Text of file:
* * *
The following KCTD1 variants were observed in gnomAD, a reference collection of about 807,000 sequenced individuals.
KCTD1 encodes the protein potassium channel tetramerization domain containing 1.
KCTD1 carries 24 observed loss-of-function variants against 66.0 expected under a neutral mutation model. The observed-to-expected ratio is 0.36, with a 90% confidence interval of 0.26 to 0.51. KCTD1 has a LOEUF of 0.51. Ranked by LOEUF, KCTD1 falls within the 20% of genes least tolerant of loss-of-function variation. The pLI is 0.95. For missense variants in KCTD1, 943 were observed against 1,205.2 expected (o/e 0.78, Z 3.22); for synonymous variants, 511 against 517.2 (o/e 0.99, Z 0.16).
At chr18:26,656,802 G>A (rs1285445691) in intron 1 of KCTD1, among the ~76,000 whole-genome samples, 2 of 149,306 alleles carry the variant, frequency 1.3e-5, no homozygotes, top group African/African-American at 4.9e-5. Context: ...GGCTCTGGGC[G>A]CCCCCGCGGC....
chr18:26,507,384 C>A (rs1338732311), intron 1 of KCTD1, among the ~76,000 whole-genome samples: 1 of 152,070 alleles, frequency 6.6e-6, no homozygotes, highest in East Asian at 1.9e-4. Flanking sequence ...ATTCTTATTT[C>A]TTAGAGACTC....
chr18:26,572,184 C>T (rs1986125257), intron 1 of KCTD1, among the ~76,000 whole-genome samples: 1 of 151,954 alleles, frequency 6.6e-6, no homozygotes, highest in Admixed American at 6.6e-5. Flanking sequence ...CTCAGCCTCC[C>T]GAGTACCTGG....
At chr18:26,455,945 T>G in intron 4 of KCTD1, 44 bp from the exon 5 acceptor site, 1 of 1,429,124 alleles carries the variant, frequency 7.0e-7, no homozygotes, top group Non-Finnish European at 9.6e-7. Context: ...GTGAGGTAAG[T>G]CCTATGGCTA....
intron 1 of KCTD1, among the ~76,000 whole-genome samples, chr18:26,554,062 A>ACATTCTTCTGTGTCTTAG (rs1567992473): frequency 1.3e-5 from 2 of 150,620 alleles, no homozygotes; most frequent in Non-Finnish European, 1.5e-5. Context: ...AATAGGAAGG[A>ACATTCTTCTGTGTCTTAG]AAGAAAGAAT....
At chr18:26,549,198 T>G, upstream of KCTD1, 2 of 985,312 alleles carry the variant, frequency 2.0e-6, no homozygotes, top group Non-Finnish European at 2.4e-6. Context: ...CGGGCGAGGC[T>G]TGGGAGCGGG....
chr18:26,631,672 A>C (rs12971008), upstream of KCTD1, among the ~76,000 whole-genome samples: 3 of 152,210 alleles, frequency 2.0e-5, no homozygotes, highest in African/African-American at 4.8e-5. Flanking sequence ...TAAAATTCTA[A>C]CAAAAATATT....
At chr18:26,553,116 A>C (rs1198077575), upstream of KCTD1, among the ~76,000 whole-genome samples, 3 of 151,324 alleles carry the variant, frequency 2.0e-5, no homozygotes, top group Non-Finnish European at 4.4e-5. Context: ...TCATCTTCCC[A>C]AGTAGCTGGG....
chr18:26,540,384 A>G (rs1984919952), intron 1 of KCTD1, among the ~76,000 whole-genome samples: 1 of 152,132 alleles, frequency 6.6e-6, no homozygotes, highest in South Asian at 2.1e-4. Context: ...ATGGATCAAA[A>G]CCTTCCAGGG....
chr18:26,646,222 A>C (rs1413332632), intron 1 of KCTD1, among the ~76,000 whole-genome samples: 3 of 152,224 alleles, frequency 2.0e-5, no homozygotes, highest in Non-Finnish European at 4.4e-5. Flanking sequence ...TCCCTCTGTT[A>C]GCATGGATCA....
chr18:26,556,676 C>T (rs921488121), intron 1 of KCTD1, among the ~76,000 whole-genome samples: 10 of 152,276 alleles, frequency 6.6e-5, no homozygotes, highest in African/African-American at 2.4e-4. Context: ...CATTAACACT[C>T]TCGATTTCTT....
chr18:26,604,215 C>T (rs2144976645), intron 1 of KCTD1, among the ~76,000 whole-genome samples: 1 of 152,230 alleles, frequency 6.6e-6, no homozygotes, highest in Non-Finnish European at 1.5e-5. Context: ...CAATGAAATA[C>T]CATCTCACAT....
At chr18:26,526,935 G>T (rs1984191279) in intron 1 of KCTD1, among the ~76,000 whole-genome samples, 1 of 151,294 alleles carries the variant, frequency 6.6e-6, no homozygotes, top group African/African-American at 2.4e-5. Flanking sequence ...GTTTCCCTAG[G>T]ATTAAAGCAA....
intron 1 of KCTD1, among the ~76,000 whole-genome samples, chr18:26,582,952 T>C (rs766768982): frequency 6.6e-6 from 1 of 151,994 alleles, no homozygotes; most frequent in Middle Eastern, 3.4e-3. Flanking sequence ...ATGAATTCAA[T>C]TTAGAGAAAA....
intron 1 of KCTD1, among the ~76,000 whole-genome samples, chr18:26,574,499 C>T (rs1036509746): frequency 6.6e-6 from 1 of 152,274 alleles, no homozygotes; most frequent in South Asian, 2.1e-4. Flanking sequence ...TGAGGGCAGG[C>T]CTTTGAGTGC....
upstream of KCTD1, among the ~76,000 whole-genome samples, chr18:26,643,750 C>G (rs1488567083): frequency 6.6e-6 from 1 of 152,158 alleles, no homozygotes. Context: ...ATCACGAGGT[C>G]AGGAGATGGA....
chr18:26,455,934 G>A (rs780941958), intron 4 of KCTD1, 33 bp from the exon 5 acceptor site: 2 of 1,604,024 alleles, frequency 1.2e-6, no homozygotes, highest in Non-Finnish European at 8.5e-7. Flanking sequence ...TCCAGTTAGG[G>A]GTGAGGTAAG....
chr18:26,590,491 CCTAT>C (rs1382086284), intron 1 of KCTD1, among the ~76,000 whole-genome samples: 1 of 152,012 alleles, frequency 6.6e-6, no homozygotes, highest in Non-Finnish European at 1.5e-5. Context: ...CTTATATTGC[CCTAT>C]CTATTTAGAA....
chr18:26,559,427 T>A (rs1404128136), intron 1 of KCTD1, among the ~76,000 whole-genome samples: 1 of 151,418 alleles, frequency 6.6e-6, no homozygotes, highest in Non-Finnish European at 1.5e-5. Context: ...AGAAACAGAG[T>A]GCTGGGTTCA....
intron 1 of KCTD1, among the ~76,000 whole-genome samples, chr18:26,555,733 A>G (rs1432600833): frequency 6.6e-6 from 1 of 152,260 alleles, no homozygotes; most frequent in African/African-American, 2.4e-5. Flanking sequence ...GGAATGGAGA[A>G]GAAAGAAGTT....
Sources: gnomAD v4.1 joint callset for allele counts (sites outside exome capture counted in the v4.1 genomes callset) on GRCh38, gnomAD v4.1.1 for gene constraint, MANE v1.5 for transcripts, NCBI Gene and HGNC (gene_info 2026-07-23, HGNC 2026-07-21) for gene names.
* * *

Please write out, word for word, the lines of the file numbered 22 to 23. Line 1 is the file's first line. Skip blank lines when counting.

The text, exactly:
chr18:26,559,427 T>A (rs1404128136), intron 1 of KCTD1, among the ~76,000 whole-genome samples: 1 of 151,418 alleles, frequency 6.6e-6, no homozygotes, highest in Non-Finnish European at 1.5e-5. Context: ...AGAAACAGAG[T>A]GCTGGGTTCA....
intron 1 of KCTD1, among the ~76,000 whole-genome samples, chr18:26,555,733 A>G (rs1432600833): frequency 6.6e-6 from 1 of 152,260 alleles, no homozygotes; most frequent in African/African-American, 2.4e-5. Flanking sequence ...GGAATGGAGA[A>G]GAAAGAAGTT....